Congratulations Jaye! You can email me your 1000 word excerpt for a critique to email@example.com whenever you'd like.
Here is Jaye's story.
Inspiration is a Wasp
Harry had nothing better to do than to sit and watch television. His wife had left him three months ago, and she took with her their sixteen year old son and twelve year old daughter. Harry hadn't published anything in the past two years and his royalty checks would soon be coming to an end. And last but certainly not least, he was beginning to think that he was losing his mind.
In the final moment of clarity he would see concerning the marriage, he said to the television, “The kids should have been in charge. They were so sensible compared to what he taught them about their intended modus operandi, filled with lessons on pop culture, the prosperity gospel, and the innate class of the practiced spendthrift. His son had a penchant for second hand stores and frequent libraries. He said it was better for the environment. Harry had wanted to say, “Your generation is why my last book didn’t get its second run.”
He has lunch with both children in the Old Towne and jokes about his nasty new status as single man with a growing beer gut friendly only with the screen on the living room wall. Neither of them find it funny. “Why are you worried?” asks his daughter. “You can’t force art,” says his son. Somewhere in the middle of the meal the topic had shifted to writing. Harry hadn’t noticed. He wanted to fight back at them, tempted to assert his fatherly authority by listing various modern works of art written by formulae and standard outline. “Inspiration is as fleeting as a wasp.”
This draws a chuckle from his son but she looks eager to understand the mysterious analogy. “What does it mean?” She’s trying to trap me in my own words, thinks Harry. He had watched ten days straight of General Hospital and his world had been transformed by the reality that words made every good looking man guilty of something. No doubt her teachers told her to think for herself and not believe her parents. Imminent divorce shoots a hole the size of a prize club medallion in a father’s credibility.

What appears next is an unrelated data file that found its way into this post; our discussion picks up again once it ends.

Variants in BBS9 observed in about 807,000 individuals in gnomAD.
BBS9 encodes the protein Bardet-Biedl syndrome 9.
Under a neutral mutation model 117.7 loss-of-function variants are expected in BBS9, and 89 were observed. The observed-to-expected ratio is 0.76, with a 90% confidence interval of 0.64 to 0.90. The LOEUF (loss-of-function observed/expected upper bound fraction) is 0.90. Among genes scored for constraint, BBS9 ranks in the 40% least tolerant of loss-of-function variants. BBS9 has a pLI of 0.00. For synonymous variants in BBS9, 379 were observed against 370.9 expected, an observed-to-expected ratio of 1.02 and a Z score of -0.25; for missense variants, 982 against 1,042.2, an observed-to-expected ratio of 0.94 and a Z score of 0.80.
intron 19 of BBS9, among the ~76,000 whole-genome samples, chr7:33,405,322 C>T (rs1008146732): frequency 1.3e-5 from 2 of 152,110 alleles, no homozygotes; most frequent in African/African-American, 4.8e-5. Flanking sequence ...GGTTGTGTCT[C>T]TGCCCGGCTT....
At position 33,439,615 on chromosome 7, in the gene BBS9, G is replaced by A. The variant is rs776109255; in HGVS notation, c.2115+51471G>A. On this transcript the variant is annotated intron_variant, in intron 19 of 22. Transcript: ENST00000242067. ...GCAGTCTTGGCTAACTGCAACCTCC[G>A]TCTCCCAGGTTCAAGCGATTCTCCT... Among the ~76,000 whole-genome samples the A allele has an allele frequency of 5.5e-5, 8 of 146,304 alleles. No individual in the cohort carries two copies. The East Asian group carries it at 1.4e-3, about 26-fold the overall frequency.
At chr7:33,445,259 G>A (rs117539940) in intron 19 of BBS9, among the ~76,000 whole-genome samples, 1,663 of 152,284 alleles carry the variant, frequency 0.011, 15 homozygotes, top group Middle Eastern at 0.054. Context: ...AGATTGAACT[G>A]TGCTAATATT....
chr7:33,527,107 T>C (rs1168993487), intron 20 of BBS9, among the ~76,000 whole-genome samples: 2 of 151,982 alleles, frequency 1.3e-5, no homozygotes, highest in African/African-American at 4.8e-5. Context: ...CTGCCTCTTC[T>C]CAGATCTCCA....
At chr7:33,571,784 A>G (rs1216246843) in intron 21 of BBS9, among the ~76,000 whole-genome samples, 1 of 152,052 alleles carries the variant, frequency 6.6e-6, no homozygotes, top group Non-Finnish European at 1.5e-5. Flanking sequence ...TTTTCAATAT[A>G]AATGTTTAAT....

As a sane man, Harry would be able to attach meaning to even the most unlikely pithy saying, as the one above. But today he was incapable of making the last step into logical conclusion. Even his thoughts were rebelling. It should have been, a hole the size of a cannon shot, but prize club medallion sounded better, just as wasp sounded better than whatever else might have gone there.
After lunch Harry continues over the words he has that continuously organizes themselves into less than adequate sayings of a learned author. Inspiration always has meaning—no. Absolutes do not exist. Inspiration exists as a sentient being, always present. For all practical purposes, it was this being that turned Harry from a sane, once married writer into an insane, imminently-divorced, failed writer. Driving home he starts seeing signs like a dyslexic. Letters are confused rather than words misplaced.
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What was that store? He turns to look back and bumps into the curb scaring the lice off a scurvy Mormon drinking Mountain Dew. They stare at each other as men in this country do, as men since the beginning of time have done—size each other up, decide if the offense is worth the fight, take up arms, or go quietly on his way. The odds were not good. “Lone Mormon battles Toyota Camry in ancient blood feud.” Harry tries on the words not trusting himself. He tries them on with a Middle English accent and sees the broad sword lying next to him in the passenger seat. It’s not wearing a seat belt. No, thinks Harry, it should be modern, relevant to these dark ages.
The wasp stings. It had cut itself on the sword and its dying act avenges its life on Harry’s neck with the first of many moments of clarity for his writing. “The Lone Mormon, A Crisis of Faith.” He drives home and writes for the rest of the day well into the night with the dead wasp unnoticed stuck to his neck.